Upgrading a PS4 HD

Like me, you might have a 500GB PS4. While 500GB seems fine at first, it is woefully inadequate for most of today’s games. If you found this to be the case, Sony has thankfully allowed customers to upgrade their hard drives themselves without voiding warranty. To help anyone else wanting to upgrade their storage, I’ve created a few quick and easy steps below to speed up the process. 

  1. Buy a replacement hard drive. PS4 hard drives are 2.5 inch laptop hard drives. Almost any drive will do as long as it can fit into the caddy. The drive that comes with the original PS4 is a 500GB 5400 RPM SATA II hard drive. In order to replace it, you will want to choose another laptop hard drive of 1 or 2 TB. The only limitation you have is the thickness of the 9.5 mm caddy. While the original HD is 5400 RPM it is possible to replace it with a faster drive, however some users have reported the excess heat and power consumption of quicker drives may cause additional wear and tear to your PS4 so definitely use at your own risk. I opted for a Seagate ST2000LM003 2TB 2.5 SATA 6GB/s which cost $165.00AU at Umart. 
  2. The next thing is to backup your save games. For me I grabbed a flash drive and did an archive of my settings and save games from the system menu. For later steps, it’s easier if you use a FAT32 formatted drive. It is possible to backup your game installs, patches and digital downloads but this will take a bigger USB storage device and will take a lot of time.
  3. To initialise your new drive you will need to put the PS4 OS files on a flash drive. Make sure your drive is formatted to FAT32. Download the PS4UPDATE.PUP file from the PlayStation website. Make sure the file is 850MB. The download link is at the bottom of the page so you might have to do some searching. Also, make sure you grab the file from your region as my experience seems to show that the US file will not work on Australian PS4. (For Australia, you can get the file from this page: https://www.playstation.com/en-au/get-help/ps4-system-software/) Put the file in the location X:\PS4\UPDATE\PS4UPDATE.PUP on your USB drive.
  4. Turn off the PS4, unplug the power cord and remove the outer casing.
    Remove the screw holding in the hard drive caddy and slide the caddy out.
    Remove the 4 screws holding in the hard drive and remove the hard drive.
    Replace the hard drive with the new one, replace all 4 screws, slide the caddy back into the PS4. After this, replace the remaining screw and replace the outer casing.  *Diagram’s taken form the official playstation website.
  5. Insert the USB stick with the update file and start the PS4 in safe mode. To start the PS4 in safe mode, press the power button for aproximately 7 seconds. Once you see a menu, choose option 7, Initislise PS4 (Reinstall system software).
  6. Restore your game saves and settings from the system menu. After a restart your PS4 should be as 
  7. Reinstall your games, patches and apps if needed. 
  8. Play your your newly upgraded PS4! 

Introduction to Enterprise Architecture (EntrArch) part 2

I have recently completed the Introduction to Enterprise Architecture on Open2Study. This is my first experiment into the world of MOOCs (Massively Open Online Courses) with Open2Study and overall my experience was very much a positive one.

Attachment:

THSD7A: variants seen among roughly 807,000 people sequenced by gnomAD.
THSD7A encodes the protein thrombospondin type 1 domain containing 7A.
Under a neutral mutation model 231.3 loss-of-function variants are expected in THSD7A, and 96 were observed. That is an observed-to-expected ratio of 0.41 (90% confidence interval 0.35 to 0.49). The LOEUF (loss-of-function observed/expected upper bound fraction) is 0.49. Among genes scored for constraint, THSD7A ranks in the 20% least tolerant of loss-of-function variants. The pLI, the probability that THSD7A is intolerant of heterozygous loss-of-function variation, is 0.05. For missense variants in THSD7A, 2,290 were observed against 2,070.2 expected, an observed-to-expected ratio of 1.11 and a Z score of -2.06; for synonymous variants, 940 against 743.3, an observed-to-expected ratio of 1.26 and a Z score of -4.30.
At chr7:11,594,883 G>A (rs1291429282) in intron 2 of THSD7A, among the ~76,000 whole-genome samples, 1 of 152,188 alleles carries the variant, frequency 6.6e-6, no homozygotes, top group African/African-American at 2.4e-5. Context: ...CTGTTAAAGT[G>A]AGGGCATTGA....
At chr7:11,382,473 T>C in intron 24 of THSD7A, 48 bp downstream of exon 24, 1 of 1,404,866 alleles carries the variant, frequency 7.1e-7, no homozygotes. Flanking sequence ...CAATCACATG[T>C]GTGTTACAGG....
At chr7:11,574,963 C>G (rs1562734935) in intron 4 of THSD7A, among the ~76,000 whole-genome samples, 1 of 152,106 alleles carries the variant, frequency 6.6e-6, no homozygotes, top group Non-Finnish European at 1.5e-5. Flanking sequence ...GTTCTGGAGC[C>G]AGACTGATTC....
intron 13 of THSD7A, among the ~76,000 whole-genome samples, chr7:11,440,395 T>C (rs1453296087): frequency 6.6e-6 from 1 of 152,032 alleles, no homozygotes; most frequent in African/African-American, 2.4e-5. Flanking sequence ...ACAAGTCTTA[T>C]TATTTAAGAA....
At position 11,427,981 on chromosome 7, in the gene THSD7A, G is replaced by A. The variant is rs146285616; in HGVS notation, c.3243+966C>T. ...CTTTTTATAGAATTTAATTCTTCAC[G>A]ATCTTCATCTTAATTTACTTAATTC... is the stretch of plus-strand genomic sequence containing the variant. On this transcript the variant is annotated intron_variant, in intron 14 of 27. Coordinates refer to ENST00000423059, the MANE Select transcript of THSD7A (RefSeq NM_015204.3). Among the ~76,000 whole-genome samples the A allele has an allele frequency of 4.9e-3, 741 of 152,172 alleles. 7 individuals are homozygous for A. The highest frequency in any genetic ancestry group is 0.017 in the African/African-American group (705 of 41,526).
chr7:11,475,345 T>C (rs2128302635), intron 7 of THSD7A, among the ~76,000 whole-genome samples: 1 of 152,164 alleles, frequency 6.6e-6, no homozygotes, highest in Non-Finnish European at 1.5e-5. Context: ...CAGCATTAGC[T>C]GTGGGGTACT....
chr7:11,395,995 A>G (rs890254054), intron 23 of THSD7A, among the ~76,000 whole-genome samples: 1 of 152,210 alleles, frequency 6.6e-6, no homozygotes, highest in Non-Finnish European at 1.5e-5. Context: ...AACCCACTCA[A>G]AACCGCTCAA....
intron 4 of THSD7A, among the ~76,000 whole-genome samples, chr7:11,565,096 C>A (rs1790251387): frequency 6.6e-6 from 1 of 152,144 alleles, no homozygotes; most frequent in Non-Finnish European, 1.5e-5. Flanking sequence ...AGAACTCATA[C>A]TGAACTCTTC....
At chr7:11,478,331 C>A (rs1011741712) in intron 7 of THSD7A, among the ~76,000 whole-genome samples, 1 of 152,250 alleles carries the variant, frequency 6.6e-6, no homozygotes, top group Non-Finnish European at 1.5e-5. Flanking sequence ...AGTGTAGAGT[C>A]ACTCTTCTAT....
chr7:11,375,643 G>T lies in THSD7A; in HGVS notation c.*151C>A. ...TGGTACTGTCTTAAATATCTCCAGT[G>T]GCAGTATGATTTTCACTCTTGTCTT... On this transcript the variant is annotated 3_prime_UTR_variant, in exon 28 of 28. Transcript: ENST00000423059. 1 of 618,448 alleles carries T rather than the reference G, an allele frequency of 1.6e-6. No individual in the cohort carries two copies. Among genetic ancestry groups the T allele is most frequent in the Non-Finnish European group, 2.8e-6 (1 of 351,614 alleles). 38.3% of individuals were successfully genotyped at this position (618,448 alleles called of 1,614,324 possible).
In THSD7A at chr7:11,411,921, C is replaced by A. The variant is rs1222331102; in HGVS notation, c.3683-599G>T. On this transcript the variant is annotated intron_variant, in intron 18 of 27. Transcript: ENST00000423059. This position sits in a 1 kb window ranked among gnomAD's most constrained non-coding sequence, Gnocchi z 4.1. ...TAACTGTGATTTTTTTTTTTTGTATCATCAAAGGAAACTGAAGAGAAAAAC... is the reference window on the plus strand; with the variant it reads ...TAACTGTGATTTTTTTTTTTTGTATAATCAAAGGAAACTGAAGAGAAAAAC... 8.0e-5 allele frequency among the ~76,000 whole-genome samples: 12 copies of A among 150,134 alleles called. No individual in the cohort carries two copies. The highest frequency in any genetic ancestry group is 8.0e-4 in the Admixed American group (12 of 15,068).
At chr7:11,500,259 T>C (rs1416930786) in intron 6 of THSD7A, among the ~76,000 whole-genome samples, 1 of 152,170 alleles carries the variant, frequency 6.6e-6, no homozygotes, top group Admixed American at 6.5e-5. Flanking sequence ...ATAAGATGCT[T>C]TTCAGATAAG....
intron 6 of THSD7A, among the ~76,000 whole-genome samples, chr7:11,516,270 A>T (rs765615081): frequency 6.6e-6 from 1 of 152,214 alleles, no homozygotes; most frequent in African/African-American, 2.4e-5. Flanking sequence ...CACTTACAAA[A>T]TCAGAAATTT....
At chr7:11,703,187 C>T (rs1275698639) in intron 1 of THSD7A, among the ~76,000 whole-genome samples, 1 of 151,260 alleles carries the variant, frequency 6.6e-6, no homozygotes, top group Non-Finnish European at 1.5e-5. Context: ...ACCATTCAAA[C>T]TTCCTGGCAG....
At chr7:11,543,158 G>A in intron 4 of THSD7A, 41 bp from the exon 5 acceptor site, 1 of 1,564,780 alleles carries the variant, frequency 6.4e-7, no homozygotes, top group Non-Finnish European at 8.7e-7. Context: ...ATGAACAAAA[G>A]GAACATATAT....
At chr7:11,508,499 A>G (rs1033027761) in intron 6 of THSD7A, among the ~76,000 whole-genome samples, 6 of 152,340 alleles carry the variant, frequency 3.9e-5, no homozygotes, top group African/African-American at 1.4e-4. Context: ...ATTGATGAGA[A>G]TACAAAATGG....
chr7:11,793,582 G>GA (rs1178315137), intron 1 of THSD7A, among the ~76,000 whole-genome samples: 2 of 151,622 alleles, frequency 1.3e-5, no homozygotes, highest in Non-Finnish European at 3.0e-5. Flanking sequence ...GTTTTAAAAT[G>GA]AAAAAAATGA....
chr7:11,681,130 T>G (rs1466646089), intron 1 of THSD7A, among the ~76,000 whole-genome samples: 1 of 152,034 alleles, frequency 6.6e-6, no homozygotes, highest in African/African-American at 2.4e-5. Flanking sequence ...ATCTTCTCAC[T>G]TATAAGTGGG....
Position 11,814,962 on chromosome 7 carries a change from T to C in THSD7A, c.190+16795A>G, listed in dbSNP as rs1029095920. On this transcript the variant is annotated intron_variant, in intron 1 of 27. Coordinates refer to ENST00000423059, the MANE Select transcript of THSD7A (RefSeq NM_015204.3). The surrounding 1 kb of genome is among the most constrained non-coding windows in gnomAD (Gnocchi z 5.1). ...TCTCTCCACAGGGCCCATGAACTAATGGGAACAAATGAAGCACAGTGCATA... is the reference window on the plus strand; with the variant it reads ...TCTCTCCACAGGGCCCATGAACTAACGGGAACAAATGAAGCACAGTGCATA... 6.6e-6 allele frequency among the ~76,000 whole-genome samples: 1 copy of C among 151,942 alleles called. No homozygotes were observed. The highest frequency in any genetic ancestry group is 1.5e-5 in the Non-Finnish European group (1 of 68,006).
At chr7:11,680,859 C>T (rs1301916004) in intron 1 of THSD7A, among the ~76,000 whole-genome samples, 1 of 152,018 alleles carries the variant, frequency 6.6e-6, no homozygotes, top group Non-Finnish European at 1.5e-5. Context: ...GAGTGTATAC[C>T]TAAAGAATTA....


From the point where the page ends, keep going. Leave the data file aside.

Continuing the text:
The course itself was 4 weeks and included a number of short videos as content and multiple choice quizzes as assessment. You needed to get over 60% in all 4 quizzes (each containing only 5 questions) to complete the course. While enterprise architecture might not be the most exciting topic, instructor Craig Martin manages to keep content interesting and successfully ties together all of the content into a series of interested videos.

I found that I needed to take notes through each of the videos in order to have success answering the quizzes at the end of each module without googling the answer to each question.

The course URL can be found at: https://learn.open2study.com

If you are interested, you can watch the first topic of module 1 below.

Introduction to Enterprise Architecture (EntrArch)

Massively Online Open Courses (MOOCs) are a big thing in my sector, and as such I thought it was about time I actually enrolled in one.

I’ve enrolled in Introduction to Enterprise Architecture through open2study.com. Open2study is site offering free 4 week introductory courses and is an initiative of Open Universities Australia (http://www.open.edu.au/).

I’ve only watched the first half of the first module, but in all, I’m pretty excited to be finding out a little more about Enterprise Architecture.

Link to course:

Application development life cycle

I am a fan of the traditional waterfall model for application development. I know agile development is the current hype within the software development community, and like all programmers, I hate documentation, but there is something elegant in creating a perfect design for an application before you even fire up your favourite IDE. Below is an example of my typical application development life cycle…

Application development life cycle
1. Requirements! Gather requirements from the client and create a requirements specification.

2. Design! From the confirmed requirements, begin to creation a technical design for the application.

3. Implementation! Development includes looking through the current range of applications and applications templates and picking a similar one as a template. Commit the copy into SVN as the trunk of a new project. From here, start designing your new building block to fit with the technical design. This may involve looking through the any APIs, tag libraries and web services as well as any required third party services.

4. Quality Assurance! Code review and testing.

5. Release! Change control (follow any ITIL processes), Communication and eventually deployment into production.

6. Maintenance! Repeat the above steps for enhancements and bug fixes.